Commercial property in Limerick a ‘bargain’, says Scully

Mike Dwane

Reporter:

Mike Dwane

COMMERCIAL rates in Limerick city will have fallen by around 30% inside three years, according to Cllr Diarmuid Scully, who added investors who buy up property in the city centre now could expect “massive” 
returns.

COMMERCIAL rates in Limerick city will have fallen by around 30% inside three years, according to Cllr Diarmuid Scully, who added investors who buy up property in the city centre now could expect “massive” 
returns.

“Within two years, the commercial rates (of Limerick City and County Councils) are going to be equalised. They have to be because by law we will be a single entity,” Cllr Scully said.

“That will be done in two ways. Firstly, there will be a single rate and, secondly, the current rate on valuation that is used, whereby city centre premises are charged 26% more, will also change.”

“Even if Limerick city and county were to equalise rates today you would still be charged 26% more but that is also going to be rebalanced and the actual benefit to any business in three years time will be somewhere in the region of 30%,” he said.

“Property in Limerick city centre is cheaper than you will find in any other city centre in the country. Rents are cheaper than you will find in any other city centre in the country and rates are about to fall massively. Now is the time to invest. And the message has to get out there that this is the time to buy in Limerick because there will never be a better bargain than what is out there now. If you were to buy a property in Limerick now, it would massively increase in value within two to three years.”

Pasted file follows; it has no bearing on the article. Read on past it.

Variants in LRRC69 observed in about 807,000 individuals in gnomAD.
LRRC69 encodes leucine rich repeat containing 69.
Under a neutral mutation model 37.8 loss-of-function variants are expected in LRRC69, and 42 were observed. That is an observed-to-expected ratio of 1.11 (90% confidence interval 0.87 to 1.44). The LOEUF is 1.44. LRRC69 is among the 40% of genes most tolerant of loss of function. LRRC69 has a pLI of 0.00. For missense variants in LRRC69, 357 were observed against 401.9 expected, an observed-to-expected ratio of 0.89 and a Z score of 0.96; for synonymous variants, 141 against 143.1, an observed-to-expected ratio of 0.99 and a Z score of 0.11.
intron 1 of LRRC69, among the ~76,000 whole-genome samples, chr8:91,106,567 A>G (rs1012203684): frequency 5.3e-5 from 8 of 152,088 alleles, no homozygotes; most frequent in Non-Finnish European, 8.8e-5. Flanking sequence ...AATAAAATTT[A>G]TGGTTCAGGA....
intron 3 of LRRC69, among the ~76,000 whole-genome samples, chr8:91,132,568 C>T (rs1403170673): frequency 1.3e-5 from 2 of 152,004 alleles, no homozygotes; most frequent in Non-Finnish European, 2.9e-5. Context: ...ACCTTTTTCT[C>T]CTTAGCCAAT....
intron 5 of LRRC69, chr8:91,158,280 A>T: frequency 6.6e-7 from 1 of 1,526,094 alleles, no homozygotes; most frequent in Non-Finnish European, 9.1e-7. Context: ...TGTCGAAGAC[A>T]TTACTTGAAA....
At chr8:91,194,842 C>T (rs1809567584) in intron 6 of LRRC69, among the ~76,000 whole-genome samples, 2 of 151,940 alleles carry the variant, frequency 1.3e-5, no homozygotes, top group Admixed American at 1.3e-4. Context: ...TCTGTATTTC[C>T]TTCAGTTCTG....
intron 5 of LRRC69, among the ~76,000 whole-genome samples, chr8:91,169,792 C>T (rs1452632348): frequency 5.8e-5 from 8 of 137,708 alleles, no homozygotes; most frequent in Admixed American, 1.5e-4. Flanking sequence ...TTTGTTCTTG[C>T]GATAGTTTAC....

Cllr Scully was speaking after Limerick’s director of economic development Tom Enright set out a vision for the Opera Centre site, which he said could in time be home to 2,000 to 3,000 workers.

Georgian buildings were currently being surveyed to see which could be retained and which were “beyond economic repair”.

Modern office accommodation could be built on the site, something Cllr Scully said Limerick city was lacking in if it was serious about attracting foreign direct investment.

Census data showing Galway now had a higher daytime working population than Limerick was misleading as it did not consider the boundary which divided Limerick city from its suburbs, Cllr Scully said.

Limerick was about to get an effective boundary extension that would at the stroke of a pen bring the city’s population to at least 95,000. The population within Cork city’s boundary, he said, was 125,000 and that would not change.

“We should forget about overtaking Galway. That is done. We should be setting our sights on Cork and trying to regain our position that we had for centuries as the second city in the country,” Cllr Scully declared.